It is also the onus of personnel choosing to work remotely abroad or going on business trips to exercise better judgement to minimise risk exposure to themselves in hazardous situations and know how to navigate challenges when they do occur.

Organisations can empower their personnel to minimise their individual risk exposure, equipping them with the right skills and knowledge to respond when travelling to unfamiliar or high risk environments, thus keeping global travel programs responsible and sustainable in the long term.

Types of comprehensive training programs that organisations can consider enrolling their staff into as a prerequisite for business travel can include:

  • Workshops covering situational awareness and travel safety best practices
  • Medical first aid
  • (Depending on the respective location or country) knowing how to handle cultural sensitivities
  • High risk security training and hostile environment awareness training (HEAT) courses that can be tailored to specific risk environments.

Crisis management is vital

No organisation can realistically shield against every crisis or disaster, especially in force majeure circumstances.

Although many companies recognise the importance of having a strong travel risk management process and relevant policies, few have a centralised department solely responsible for travellers.

Instead, this responsibility is divided among various departments such as HR, finance and compliance.

While each department is aware of traveller safety, none may have the budget, resources and support to establish a travel risk management process across the entire company.

It is vital for organisations to have a robust crisis management function in place, one that exceeds responsive action and supports business continuity objectives by safeguarding the welfare of impacted personnel during and after a crisis event.

Investing in a dedicated crisis management team (CMTs) is an important step for corporations to secure the future of their business and weather unforeseeable turbulence.

While CMTs vary in structure across different companies, organisations are advised to identify critical business functions and get buy-in from respective stakeholders, who have a shared responsibility for business travellers.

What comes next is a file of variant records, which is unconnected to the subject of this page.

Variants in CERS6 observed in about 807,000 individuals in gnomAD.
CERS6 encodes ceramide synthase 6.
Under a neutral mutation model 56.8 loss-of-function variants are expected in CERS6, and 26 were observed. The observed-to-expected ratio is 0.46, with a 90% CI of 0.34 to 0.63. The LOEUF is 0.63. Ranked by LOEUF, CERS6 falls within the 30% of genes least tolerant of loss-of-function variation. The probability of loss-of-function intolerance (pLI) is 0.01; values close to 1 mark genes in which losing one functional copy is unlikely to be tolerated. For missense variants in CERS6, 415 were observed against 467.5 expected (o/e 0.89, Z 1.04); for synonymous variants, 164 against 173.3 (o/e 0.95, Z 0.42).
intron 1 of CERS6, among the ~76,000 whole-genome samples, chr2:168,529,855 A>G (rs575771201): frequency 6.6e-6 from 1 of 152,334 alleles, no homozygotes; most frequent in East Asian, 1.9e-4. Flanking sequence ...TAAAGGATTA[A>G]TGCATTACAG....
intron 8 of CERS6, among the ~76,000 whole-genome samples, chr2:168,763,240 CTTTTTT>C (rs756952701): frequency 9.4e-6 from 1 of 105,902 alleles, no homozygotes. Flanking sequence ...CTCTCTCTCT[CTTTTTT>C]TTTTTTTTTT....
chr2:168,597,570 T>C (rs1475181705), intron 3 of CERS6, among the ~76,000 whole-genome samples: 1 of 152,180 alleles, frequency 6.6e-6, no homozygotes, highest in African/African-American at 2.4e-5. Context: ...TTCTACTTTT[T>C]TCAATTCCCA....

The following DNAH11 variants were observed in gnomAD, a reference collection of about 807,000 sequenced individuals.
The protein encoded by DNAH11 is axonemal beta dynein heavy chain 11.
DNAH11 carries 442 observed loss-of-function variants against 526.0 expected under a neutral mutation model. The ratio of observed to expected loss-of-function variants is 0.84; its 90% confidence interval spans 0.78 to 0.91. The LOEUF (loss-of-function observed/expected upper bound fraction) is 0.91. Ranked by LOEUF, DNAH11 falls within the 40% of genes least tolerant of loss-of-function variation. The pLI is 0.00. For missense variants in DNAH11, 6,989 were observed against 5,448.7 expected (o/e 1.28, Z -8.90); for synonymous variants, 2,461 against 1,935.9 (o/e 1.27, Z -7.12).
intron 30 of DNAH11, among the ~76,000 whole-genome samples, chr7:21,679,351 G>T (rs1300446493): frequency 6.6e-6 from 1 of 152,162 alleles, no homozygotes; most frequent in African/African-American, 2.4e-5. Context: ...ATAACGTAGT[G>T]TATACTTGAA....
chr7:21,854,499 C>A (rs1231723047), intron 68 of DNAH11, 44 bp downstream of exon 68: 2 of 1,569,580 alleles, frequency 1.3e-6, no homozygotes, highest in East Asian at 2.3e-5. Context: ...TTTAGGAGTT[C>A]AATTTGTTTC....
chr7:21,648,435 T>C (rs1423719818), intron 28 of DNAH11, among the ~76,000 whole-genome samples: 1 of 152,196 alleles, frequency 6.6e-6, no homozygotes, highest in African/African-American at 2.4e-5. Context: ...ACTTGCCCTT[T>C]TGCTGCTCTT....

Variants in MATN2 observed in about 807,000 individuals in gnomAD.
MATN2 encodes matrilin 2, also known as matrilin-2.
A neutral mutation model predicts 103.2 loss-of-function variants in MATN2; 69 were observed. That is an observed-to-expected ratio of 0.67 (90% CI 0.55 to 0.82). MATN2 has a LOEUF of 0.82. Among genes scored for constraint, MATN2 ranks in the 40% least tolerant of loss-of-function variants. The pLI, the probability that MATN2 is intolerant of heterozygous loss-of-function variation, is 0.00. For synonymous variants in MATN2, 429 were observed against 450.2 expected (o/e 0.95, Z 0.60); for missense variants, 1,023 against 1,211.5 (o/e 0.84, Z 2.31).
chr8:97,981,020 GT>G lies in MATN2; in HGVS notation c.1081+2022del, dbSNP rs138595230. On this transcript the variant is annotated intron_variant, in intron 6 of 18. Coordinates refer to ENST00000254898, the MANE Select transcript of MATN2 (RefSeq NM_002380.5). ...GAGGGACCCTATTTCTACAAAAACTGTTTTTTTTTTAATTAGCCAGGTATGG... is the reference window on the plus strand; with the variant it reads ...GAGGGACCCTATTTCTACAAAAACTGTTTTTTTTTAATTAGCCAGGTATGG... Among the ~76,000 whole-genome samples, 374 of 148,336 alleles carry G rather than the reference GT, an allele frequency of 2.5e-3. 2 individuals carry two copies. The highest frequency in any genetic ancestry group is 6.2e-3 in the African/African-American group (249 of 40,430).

Each CMT will help its organisation develop a crisis management plan (CMP), with well-defined roles and responsibilities, including clear decision making frameworks.

This outlines the exact action and steps required to minimise impact as quickly as possible.

For example, each plan will have a notification flowchart that reflects clear internal and external communication channels as well as an agreed activation criteria that would trigger a specific crisis response protocol.

Travel managers in charge of an organisation’s business travel program and in-country managers should start reflecting on their crisis management plans at hand and update them accordingly.

Organising crisis simulation tabletop exercises to test run crisis management plans and reporting workflow, can help ensure key personnel are familiar with their duties and also spot any gaps.

‘Two is one, one is none’

In a global landscape of evolving risk and threats, investing in relevant training for personnel with the support of proactive travel risk management measures can help alleviate anxiety for business travel.

Understanding personal risk profiles in relation to the environment, and the respective security, health and safety arrangements in place to support them, will give employees confidence to respond quickly in challenging situations and minimise risk exposure.

In turn, this facilitates business travel to higher risk locations and contributes to the overall organisational resilience and continuity of business.